New York Has More Billionaires Than Other Cities

Correction March 10, 2011

The audio and a previous Web version incorrectly said that New York has more billionaires than any other city in the world. It is actually more billionaires than in any other city in the U.S.

According to Forbes magazine, the Big Apple has more billionaires than any other city in the U.S. The magazine just came out with its latest listing of world billionaires, and 58 live in New York.

Copyright © 2011 NPR. For personal, noncommercial use only. See Terms of Use. For other uses, prior permission required.

ARI SHAPIRO, host:

And our last word in business today is billionaire central. That would be New York City.

According to Forbes magazine, the Big Apple has more billionaires than any other city in the world. The magazine just came out with its latest listing of world billionaires, and 58 of them live in New York. The U.S. still has the most billionaires of any country. [POST-BROADCAST CORRECTION: New York City has more billionaires than any other city in the U.S., not the world.]

RENEE MONTAGNE, host:

But the richest person on the planet is in Mexico. That would be telecom mogul Carlos Slim. He tops the list with a net worth of $74 billion.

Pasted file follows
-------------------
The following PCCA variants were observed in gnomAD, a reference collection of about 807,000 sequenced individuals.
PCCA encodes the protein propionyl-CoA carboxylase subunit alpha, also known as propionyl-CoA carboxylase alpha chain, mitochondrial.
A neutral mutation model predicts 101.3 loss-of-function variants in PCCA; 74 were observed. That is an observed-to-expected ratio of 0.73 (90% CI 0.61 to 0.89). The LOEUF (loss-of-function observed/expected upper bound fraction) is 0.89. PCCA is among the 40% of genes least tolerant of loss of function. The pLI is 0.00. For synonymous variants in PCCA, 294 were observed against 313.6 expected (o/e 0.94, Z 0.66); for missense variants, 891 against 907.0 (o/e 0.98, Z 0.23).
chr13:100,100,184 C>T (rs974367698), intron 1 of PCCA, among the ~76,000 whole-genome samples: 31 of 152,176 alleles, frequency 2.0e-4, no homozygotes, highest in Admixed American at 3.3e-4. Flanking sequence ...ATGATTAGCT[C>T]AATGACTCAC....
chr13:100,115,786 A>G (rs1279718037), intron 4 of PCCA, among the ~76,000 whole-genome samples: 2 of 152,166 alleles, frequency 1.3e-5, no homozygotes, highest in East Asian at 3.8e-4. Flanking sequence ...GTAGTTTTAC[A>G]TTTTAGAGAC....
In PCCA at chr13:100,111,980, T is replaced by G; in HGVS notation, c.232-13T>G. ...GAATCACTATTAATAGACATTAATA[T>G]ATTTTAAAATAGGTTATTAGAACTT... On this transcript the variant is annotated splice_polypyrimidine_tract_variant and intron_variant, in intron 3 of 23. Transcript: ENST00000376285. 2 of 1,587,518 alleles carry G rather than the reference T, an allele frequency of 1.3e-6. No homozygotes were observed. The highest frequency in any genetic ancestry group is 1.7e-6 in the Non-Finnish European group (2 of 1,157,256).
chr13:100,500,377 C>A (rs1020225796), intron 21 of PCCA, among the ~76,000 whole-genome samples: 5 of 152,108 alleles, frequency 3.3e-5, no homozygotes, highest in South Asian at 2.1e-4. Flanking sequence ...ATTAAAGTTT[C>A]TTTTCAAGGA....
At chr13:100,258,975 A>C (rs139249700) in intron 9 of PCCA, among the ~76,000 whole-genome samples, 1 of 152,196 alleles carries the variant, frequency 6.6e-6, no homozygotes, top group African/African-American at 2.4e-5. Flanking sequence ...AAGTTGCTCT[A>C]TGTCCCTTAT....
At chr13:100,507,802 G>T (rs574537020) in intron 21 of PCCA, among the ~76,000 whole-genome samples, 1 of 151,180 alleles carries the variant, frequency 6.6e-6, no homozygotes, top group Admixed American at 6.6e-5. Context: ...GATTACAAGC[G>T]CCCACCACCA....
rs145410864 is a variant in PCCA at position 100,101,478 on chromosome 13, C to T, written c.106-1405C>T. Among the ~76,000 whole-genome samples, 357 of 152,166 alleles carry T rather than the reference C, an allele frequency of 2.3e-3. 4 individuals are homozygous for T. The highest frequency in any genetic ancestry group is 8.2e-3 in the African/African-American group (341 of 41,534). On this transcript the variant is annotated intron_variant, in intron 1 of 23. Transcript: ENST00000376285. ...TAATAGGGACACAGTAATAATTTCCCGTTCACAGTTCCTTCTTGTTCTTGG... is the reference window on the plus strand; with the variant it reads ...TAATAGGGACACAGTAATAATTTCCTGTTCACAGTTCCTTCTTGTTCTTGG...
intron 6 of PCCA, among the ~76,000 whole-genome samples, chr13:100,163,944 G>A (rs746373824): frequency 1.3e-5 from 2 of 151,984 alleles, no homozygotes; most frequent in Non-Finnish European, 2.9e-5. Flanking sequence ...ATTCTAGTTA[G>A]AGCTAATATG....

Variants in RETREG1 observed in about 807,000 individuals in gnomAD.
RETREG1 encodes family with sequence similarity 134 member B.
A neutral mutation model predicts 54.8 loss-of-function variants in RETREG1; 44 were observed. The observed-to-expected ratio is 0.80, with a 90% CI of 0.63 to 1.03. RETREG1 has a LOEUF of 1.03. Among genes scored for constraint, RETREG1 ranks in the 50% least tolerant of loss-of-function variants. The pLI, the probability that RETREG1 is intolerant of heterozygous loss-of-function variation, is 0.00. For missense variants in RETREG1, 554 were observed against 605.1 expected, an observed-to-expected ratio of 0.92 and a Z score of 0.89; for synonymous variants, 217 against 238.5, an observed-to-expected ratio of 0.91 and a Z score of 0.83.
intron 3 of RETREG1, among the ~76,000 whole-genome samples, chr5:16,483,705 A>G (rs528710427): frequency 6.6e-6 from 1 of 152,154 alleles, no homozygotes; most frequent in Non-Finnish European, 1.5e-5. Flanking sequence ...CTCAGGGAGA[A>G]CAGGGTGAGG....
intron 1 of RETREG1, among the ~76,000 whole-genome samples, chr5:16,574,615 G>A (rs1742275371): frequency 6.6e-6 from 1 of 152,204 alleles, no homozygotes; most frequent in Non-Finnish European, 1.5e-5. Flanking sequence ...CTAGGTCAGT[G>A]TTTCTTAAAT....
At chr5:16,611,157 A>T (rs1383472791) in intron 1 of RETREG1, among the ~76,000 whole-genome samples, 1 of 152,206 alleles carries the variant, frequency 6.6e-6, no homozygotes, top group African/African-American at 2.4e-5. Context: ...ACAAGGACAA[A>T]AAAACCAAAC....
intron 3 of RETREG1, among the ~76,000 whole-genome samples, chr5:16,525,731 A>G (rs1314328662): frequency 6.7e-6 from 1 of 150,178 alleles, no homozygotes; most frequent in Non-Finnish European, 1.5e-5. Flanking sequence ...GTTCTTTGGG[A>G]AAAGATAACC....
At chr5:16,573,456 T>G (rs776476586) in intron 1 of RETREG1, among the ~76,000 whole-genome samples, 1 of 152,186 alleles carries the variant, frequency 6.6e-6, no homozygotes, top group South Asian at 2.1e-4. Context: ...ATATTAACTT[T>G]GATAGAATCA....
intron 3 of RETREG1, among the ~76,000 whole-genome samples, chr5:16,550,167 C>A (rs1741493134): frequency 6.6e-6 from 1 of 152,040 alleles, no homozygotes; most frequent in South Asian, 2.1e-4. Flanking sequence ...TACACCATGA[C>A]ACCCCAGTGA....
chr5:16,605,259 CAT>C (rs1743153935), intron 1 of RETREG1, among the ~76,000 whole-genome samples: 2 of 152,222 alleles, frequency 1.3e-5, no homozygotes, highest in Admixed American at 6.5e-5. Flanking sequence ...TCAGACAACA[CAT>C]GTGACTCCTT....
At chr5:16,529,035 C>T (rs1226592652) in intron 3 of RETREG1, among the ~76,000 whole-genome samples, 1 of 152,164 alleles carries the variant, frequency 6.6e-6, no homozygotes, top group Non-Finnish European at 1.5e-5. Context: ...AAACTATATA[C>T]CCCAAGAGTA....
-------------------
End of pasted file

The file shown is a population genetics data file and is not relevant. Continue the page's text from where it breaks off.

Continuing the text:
And that's the business news on MORNING EDITION, from NPR News. I'm Renee Montagne.

SHAPIRO: And I'm Ari Shapiro.

Copyright © 2011 NPR. All rights reserved. No quotes from the materials contained herein may be used in any media without attribution to NPR. This transcript is provided for personal, noncommercial use only, pursuant to our Terms of Use. Any other use requires NPR's prior permission. Visit our permissions page for further information.

NPR transcripts are created on a rush deadline by a contractor for NPR, and accuracy and availability may vary. This text may not be in its final form and may be updated or revised in the future. Please be aware that the authoritative record of NPR's programming is the audio.

Comments

 

Please keep your community civil. All comments must follow the NPR.org Community rules and terms of use, and will be moderated prior to posting. NPR reserves the right to use the comments we receive, in whole or in part, and to use the commenter's name and location, in any medium. See also the Terms of Use, Privacy Policy and Community FAQ.

Support comes from: